Maybe it was the hat. I hear snapbacks are all the rage nowadays.
Maybe it was the hat. I hear snapbacks are all the rage nowadays.

KulTural’s mixture of sounds lends itself well to these spaces and audiences, so I was pleased that the show had found the right track, because what followed was little short of magical.

Pictured: Magic
Pictured: Magic

Songs like l-Iżvog, Irmied u Ġmied and another related to matters of the heart show what KulTural do best, and that is employ more instruments in a song than many others would see in a lifetime in an earnest expression of deep feeling, with both singers more than capable at conveying emotion. Gabriel Gauci handled backing vocals and made up the band’s instrumental repertoire with violin, which I feel is generally the most under-represented of instruments. Violin everywhere, monsieur, s’il vous plait!

Can you help but feel?
Can you help but feel?

Take the climax of Irmied u Ġmied. Ru Boo’s laying into the rhymes like the wounds are still fresh. The percussion and guitar work together to provide the thumping, urgent rhythm. The violin soars and falls like a fucking bird, man. It’s wild, it’s organised chaos, and it’s great.

The band’s patriotic side (is there any other country where this phrase can be applied to almost every band out there?) was put on display with an adaptation of Kilin’s L-Għanja tal-Imgħallaq and the band’s Għanja tal-Poplu winner Malta Tieghi, and the crowd responded heartily, with these bringing in the biggest cheers. Malta, as ever, is the Maltese people’s favourite topic, and it shows little signs of waning in the polls.

Their latest release, the upbeat Priscilla about a man’s infatuation with a stripper, introduced yet another style of music to the evening, which went down well. A black guy (possibly the only one there) went to the front and danced along to it, and it was cute seeing people not feel threatened by black people since there was only one and he was diggin’ it.

Apart from the first few songs (which admittedly probably made up a good quarter or third of the concert), the mood was upbeat and the band was having as much fun as the crowd. In fact, Bertu and Gabriel have to be the happiest musicians I’ve ever seen. It was impossible not to smile at Bertu’s beaming face as he played a massive didgeridoo, or at Gabriel’s joyous tone as he spoke to the crowd between songs, or when he announced that they would end off with one of their signature jamming sessions.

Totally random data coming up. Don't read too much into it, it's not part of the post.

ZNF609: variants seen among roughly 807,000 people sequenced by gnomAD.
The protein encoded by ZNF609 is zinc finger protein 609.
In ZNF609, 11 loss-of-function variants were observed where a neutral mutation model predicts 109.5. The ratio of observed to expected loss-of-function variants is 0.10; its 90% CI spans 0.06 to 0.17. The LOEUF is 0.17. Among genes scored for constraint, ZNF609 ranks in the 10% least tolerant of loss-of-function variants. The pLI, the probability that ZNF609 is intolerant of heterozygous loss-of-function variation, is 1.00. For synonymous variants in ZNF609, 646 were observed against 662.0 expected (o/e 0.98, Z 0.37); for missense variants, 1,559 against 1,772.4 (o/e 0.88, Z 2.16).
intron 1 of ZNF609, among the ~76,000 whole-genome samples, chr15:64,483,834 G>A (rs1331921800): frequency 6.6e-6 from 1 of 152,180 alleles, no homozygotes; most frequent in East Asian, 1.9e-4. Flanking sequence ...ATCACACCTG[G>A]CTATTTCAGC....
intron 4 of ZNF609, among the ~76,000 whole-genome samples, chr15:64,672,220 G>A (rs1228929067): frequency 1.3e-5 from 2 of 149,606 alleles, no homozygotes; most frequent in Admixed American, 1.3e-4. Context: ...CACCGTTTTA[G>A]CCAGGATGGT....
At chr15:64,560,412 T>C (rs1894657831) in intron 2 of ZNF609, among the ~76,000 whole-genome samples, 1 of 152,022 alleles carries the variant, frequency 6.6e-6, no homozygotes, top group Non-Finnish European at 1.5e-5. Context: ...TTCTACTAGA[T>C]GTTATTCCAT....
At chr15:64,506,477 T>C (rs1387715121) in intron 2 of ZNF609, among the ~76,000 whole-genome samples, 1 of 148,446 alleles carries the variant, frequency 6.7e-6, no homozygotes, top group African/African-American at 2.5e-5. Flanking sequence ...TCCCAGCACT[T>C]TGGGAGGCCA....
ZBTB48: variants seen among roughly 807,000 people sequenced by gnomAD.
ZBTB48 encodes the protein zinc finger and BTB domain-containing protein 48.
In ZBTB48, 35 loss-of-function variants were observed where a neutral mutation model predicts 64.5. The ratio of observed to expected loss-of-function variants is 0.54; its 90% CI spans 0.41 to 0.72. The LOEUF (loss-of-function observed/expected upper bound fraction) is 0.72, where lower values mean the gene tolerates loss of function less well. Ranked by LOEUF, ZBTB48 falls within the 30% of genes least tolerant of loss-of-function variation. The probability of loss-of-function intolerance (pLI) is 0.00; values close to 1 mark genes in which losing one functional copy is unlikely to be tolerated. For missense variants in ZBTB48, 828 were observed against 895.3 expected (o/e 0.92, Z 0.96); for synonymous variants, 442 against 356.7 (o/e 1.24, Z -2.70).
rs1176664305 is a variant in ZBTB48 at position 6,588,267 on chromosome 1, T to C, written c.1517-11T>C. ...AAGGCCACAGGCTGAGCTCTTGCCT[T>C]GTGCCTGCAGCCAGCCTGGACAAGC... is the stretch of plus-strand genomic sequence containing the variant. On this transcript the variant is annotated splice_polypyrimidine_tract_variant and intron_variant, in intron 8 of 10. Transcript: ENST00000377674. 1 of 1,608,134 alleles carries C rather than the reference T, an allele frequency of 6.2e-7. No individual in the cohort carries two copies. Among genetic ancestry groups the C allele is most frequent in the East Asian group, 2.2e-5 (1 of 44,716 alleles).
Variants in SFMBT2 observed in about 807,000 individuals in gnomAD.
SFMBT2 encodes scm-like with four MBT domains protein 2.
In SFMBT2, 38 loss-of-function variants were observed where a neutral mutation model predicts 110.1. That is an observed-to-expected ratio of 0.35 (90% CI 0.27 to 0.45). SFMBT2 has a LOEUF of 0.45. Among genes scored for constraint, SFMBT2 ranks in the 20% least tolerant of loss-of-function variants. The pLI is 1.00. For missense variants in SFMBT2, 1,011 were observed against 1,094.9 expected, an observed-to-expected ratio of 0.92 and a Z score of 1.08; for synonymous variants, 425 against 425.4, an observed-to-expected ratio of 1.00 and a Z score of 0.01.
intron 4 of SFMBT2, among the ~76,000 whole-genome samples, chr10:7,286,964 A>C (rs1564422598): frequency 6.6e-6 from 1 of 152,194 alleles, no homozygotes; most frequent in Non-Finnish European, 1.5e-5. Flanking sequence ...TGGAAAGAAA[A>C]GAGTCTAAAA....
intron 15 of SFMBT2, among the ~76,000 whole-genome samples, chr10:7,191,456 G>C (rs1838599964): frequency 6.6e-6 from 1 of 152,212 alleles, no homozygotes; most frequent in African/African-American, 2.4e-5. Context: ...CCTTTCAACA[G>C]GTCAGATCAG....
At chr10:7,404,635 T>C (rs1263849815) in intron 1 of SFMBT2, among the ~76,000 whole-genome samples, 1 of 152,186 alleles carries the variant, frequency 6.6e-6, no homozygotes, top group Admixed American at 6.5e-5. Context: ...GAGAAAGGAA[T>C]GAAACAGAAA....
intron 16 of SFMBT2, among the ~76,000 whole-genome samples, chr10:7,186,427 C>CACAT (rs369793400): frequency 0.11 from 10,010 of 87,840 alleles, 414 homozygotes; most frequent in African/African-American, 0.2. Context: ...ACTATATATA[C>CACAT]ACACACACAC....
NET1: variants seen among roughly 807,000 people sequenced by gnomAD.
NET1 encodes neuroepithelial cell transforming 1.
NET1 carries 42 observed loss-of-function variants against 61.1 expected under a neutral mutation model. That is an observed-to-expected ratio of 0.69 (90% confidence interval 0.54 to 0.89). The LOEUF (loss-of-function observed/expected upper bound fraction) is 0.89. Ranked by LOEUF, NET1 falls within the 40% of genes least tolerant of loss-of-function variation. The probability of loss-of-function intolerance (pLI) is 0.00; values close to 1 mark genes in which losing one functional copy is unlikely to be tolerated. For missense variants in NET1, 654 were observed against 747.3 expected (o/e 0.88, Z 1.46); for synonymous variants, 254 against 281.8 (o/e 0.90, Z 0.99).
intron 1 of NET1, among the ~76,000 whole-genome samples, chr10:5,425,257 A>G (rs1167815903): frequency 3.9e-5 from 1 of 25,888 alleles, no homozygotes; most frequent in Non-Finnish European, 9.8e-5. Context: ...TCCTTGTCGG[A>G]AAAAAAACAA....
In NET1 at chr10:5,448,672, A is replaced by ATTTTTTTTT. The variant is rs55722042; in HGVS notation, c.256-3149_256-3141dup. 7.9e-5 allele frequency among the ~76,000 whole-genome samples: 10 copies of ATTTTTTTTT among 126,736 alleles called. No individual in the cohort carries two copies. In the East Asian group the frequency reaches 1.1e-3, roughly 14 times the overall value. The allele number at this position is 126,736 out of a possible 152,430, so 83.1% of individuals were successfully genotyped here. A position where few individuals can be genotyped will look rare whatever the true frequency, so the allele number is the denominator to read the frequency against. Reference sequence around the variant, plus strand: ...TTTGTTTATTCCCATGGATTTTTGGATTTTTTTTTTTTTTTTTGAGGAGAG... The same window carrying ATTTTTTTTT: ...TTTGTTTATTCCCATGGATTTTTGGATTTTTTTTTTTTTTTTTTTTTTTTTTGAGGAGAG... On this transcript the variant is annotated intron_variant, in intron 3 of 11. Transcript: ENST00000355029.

Their image helps with the older crowd, with each band member sticking out from the others like a sore thumb, but all still managing to look the part of the nice guy. The only thing I’d change was Ru Boo’s sunglasses, since they jarred with the intimacy of the setting, though he did remove them for Irmied u Ġmied which made that song just that much more powerful, so that’s a 50-50.

Nice Guy Inc.
Nice Guy Inc.

Kudos again to the soundman who had to keep up with the percussion’s complex set-up made up of drums, didgeridoos, a box doubling up as a chair, bongos and a variety of other pieces, and figure out the best levels for everything else. A mistake on his part could have easily ruined the show, but as it was, even the tiniest little scratchy thing Bertu played was audible and fit into place, so thanks Mr. Soundguy.

And thanks KulTural for a great show. It’s this kind of talent we should be nurturing and supporting – innovative fusion of instruments and genres, innovative locations, bringing in different crowds – an expression of the melting pot our country is. If V.18 is going to have any measure of success, it needs to build on these previous successes. Throwing money at bands for garages to practice in is a small step, not the ‘solution to Malta’s music scene’ it was hailed as. If that’s the be-all and end-all of Labour’s plans for music, then the path to V.18 is going to be an uphill battle.

All photo credits belong to Laurence Saliba.

Category Gazette,Music,Review